the beauty of prehistoric art -- 1/7/14
In today's selection -- from The Guardian of All Things: The Epic Story of Human Memory by Michael S. Malone. The beauty and mystery of prehistoric art:
"What is most remarkable about the birth of human art, once it finally began, is how fast it developed. The earliest-known human 'drawings' -- that is, scratches on a rock -- come from Africa and are dated to about 70,000 B.C. But a more accurate date is 40,000 years ago, which is the age of the earliest-known true works of art. These Upper Paleolithic works come in three basic forms: petroglyphs, which are carvings into rock; pictographs, which are paintings on rock (initially with another soft rock, such as red ochre); and portable art (such as small statues, carvings, and the like). The rock art can be further defined by whether it is found inside caves (as in Europe) or on outside rock surfaces (Australia, the Americas). As for the portable art, it can be carved out of rock or carved into a hard biological surface, such as antler or bone.
"Two things are especially compelling about this earliest human art. The first is that it is almost always found in 'special' places -- caves, tucked away corners of exposed monoliths (such as Ayers Rock), or interred with the bones of tribal leaders. The second is just how damn good they are as artistic achievements. The little carved 'Venus' statues -- such as the 40,000-year-old Venus of Hohle Fels and even more famously, the 24,000-year-old Venus of Willendorf -- are astonishing works. Their physical distortions, sensuality, and sense of movement wouldn't be seen again until the twentieth century, and remain unsurpassed.
"After four teenagers discovered France's Lascaux cave in 1940, the first visitors were dumbstruck -- even though they didn't know the paintings were 17,000 years old -- by the sheer beauty of the artwork. The cave's famous 'Dun Horse' is one of the world's best-known paintings not because of its venerability but because it is so drop-dead beautiful. It is, by any measure, one of the greatest works of art. And to a lesser degree, this high quality characterizes other famous Paleolithic artworks from around the world: Egypt's cave of swimmers (from 10,000 years ago); the images of giraffes, men, and horses in the Acacus Mountains of the Sahara Desert (from 10,000 to 12,000 years ago); and the deer carved on deer antlers in the Turobong cave in South Korea (from 40,000 years ago). Many of the techniques and motifs in these works weren't rediscovered until the Renaissance and some not until the Fauvists and Cubists of the twentieth century.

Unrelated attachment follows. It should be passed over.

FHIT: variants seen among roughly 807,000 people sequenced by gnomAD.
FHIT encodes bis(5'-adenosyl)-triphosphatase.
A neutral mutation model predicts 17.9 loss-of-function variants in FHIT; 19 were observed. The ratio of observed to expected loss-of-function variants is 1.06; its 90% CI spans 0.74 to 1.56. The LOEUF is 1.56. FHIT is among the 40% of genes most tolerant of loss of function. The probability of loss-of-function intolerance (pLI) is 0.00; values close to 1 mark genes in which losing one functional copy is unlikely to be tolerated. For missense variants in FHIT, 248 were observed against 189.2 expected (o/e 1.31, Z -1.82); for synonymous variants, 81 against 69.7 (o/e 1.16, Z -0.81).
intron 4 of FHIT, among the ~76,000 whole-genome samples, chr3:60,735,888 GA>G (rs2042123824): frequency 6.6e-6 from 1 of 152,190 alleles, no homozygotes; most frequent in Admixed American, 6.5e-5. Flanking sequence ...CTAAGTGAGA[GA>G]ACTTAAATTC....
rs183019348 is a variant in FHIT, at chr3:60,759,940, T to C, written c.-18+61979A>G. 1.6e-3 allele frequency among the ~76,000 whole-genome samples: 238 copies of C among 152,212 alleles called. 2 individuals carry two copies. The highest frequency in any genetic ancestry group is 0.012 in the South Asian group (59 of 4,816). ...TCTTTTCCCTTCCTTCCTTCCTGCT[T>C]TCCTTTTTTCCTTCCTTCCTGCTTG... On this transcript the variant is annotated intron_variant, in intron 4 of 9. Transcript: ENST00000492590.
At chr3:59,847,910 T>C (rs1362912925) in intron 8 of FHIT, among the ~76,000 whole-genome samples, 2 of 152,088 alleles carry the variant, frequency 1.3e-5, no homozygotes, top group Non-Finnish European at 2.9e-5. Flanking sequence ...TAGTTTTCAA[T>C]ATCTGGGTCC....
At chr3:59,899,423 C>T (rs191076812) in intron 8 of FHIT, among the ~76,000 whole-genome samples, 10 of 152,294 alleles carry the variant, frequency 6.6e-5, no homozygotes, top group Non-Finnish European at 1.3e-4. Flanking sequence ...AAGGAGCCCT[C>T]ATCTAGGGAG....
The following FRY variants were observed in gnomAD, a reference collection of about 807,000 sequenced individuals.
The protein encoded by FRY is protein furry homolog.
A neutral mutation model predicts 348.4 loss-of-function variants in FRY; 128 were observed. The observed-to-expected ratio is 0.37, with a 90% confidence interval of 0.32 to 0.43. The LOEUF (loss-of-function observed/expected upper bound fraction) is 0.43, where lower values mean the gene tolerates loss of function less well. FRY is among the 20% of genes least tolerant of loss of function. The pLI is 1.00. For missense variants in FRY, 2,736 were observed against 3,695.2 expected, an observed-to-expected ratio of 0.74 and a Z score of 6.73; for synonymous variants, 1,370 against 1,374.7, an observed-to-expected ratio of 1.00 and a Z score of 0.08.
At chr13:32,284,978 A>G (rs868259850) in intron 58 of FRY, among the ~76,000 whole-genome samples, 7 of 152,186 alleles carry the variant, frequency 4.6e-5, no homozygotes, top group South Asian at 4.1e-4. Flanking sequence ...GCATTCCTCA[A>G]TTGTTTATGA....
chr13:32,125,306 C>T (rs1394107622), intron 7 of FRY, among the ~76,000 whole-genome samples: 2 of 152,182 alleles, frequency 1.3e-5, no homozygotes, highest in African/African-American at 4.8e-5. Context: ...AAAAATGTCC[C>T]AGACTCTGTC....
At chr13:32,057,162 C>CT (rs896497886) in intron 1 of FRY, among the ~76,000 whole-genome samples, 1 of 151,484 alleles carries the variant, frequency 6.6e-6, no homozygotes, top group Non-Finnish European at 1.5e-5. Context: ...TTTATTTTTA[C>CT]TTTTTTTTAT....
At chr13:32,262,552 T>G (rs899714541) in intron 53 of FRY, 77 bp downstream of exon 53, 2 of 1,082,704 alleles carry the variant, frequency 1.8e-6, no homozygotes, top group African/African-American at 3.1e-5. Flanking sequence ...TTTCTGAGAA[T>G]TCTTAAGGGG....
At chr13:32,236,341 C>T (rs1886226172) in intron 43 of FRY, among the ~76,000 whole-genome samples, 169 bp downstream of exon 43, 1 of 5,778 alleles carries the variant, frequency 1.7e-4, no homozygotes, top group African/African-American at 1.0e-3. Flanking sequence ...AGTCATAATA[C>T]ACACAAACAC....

Cave painting of a dun horse (equine) at Lascaux
"The unique locations and the sheer quality of this Paleolithic art suggest something very important about the rise of imagery and early modern man: While verbal language increased in value to its users the more people used it, symbolic language by comparison conferred its power through exclusivity. That explains the exclusive locations: These images were never readily available to members of the tribe (nor are they today, as the paintings -- as at Lascaux -- are now vulnerable to even the breath of viewers).
"Instead, their viewing was probably a very rare and mystical experience, likely available almost exclusively to the patriarch, the chief, or the new breed of leader -- the shaman, whose task it was to manage and control the tribe's access to the infinite, mysterious, and ineffable that their powerful brains had made possible. The shaman, the tribe's chief priest, was the doorman at the portal to life and death, the terrifying and the comforting, the gods and the demons -- a role he often enhanced through the use of newly discovered chemicals (alcohol, hallucinogenics, poisons) that altered the delicate operation of his brain.
"It was to the shaman's advantage to enhance the mystical viewing experience as greatly as possible for the rest of the tribe -- and he (and occasionally she) also likely believed that a more intense experience meant his own greater proximity to the gods and the hidden wisdom. Hence the cave: Otherwise, why would you paint such magnificent works of art in the dark? But picture our Paleolithic tribesman, perhaps intoxicated in some way and terrified, being led down into the black bowels of Earth by a man known to have special access to the spirit world, surrounded by sounds and creatures covered with skulls and skins ... and then, in the sudden illumination of a torch, encountering the 'Dun Horse' or the face of his worst nightmare.
"It would have been a knee-buckling moment ... and his awe and fear of the shaman, the godlike figure capable of creating this experience, would have been unbounded."
|The Guardian of All Things: The Epic Story of Human Memory|
|Michael S. Malone|
|St. Martin's Press|
|Copyright 2012 by Michael S. Malone|